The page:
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What is a contested divorce?

A divorce is never a happy occasion for all parties involved, but some divorces are definitely easier than others. When a couple comes to a mutual decision to end a marriage—especially when they don’t have children—and they agree on how to divide shared property, they can usually proceed with an uncontested divorce. However, if they disagree about even one issue, the divorce becomes much more complicated. This is known as a contested divorce.

Issues That Commonly Lead to a Contested Divorce

A contested divorce is litigated—that means that each party must hire a lawyer and present their side in a courtroom. While this can be a lengthy, cumbersome, and expensive process, it’s often the only way to get a reasonably fair outcome. Issues that often lead to the need for a contested divorce include the following:

Concealment of Assets

If one spouse suspects the other is hiding assets to avoid having them divided in the divorce, a contested divorce will allow for legal tools to help locate and identify all assets.

Custody of Children

When divorcing parents can’t agree on custody, visitation, and parenting time, it will fall to a judge to hear both sides and make a ruling. In some cases, one parent is only seeking shared custody because they are hoping to pay less in child support. If they are not in a position to care for the child, a judge will grant primary custody to the other parent and order sufficient child support.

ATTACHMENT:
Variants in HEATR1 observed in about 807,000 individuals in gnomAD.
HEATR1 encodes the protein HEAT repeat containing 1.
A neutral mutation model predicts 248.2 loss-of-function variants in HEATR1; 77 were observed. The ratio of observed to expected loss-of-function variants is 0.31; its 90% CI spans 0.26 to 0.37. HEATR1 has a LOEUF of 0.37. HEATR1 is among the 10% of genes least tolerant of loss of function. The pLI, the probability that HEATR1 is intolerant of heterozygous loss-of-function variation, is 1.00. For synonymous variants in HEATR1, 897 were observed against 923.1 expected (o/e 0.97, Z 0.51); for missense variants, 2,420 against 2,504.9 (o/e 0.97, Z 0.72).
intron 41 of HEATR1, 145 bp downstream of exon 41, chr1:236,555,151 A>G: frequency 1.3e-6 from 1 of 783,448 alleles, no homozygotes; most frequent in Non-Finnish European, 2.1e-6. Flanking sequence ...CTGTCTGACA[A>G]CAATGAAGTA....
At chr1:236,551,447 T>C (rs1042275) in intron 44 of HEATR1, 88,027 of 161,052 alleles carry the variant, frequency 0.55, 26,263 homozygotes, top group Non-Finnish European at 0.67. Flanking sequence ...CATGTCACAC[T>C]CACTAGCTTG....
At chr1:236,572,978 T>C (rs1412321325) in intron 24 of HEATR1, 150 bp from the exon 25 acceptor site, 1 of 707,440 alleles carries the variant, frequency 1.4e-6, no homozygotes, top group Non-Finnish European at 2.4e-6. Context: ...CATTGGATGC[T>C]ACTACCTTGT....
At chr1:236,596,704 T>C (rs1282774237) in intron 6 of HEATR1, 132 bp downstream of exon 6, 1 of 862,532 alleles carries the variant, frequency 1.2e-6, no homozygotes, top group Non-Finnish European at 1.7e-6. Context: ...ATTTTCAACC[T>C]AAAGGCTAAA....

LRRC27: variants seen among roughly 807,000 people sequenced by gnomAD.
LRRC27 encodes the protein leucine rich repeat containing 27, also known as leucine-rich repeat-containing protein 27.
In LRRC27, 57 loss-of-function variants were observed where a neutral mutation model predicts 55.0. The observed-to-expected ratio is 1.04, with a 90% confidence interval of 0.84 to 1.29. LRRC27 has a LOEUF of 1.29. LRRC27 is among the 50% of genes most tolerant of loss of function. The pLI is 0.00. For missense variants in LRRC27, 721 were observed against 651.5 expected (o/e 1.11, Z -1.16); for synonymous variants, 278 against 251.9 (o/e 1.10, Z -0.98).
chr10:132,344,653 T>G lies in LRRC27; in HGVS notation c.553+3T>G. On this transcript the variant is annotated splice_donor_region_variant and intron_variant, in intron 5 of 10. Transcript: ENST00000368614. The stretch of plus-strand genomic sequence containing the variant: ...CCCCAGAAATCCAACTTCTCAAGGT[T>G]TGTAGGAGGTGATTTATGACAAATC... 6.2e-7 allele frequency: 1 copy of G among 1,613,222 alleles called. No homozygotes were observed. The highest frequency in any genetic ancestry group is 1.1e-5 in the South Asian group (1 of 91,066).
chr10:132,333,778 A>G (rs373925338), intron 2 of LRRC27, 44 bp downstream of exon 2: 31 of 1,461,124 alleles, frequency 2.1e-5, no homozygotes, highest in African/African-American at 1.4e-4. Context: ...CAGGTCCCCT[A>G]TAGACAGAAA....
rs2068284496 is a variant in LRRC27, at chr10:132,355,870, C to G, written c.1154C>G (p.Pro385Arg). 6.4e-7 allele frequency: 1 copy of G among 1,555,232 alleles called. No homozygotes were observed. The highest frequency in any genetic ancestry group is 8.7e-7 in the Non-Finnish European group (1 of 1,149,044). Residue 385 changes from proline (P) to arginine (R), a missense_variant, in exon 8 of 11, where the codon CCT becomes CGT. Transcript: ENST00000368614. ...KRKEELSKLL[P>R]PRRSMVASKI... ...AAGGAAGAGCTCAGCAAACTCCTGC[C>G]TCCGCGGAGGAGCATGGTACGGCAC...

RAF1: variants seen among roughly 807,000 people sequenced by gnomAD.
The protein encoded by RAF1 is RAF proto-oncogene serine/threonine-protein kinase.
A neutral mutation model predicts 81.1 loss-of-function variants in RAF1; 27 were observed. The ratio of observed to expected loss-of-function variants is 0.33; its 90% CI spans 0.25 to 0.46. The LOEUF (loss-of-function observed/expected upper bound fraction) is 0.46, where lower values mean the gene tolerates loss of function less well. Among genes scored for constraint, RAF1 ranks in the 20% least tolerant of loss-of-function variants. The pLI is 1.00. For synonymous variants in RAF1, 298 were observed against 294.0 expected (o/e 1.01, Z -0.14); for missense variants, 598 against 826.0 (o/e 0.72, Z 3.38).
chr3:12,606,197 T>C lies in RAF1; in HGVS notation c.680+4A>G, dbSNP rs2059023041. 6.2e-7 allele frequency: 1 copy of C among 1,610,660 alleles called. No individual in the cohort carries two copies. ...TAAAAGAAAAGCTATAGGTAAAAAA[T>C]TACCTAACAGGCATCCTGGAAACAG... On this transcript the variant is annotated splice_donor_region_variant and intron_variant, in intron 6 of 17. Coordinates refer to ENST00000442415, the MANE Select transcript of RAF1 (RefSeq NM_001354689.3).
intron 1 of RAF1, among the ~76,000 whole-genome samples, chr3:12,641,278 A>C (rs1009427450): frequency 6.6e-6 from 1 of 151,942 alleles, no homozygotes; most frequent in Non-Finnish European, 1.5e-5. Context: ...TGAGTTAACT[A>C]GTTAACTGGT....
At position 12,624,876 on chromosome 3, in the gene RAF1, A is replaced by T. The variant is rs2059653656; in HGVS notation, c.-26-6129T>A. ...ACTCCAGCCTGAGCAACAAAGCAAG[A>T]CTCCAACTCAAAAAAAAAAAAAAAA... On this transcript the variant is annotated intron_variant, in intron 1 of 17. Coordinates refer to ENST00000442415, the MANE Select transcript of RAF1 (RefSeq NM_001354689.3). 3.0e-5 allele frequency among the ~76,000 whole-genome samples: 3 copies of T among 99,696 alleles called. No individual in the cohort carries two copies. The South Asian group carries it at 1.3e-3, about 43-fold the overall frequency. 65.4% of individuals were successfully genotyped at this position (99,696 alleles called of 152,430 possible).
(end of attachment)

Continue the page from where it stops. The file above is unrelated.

Spousal Support

When children are young, and one parent is a stay-at-home caregiver, the non-custodial parent might be ordered to pay spousal support. This is often a point of contention that is best left to a judge to decide.

Uncooperative and Unreasonable Spouse

When one spouse refuses to be reasonable about the terms of the divorce, the best way to get an equitable outcome is often to pursue a contested divorce and let a judge decide based on the evidence presented in court.

If you and your spouse cannot come to an agreement about the terms of your divorce, the division of property, child custody arrangements, or any other issue, it’s important that you hire your own attorney as soon as possible.

Do You Need to Speak to a Virginia Divorce Attorney?

If you are considering divorce you need to speak with an experienced Virginia divorce attorney as soon as possible. Please contact us online or call our Fairfax, Virginia law office at 703.277.2811 to schedule your free consultation. We help clients throughout Washington D.C., Maryland and Virginia and look forward to helping you.

Related Links:

  • Factors That Complicate a Virginia Divorce

  • Challenges of a Second Divorce in Virginia

  • Moving a Child to Another State After a Virginia Divorce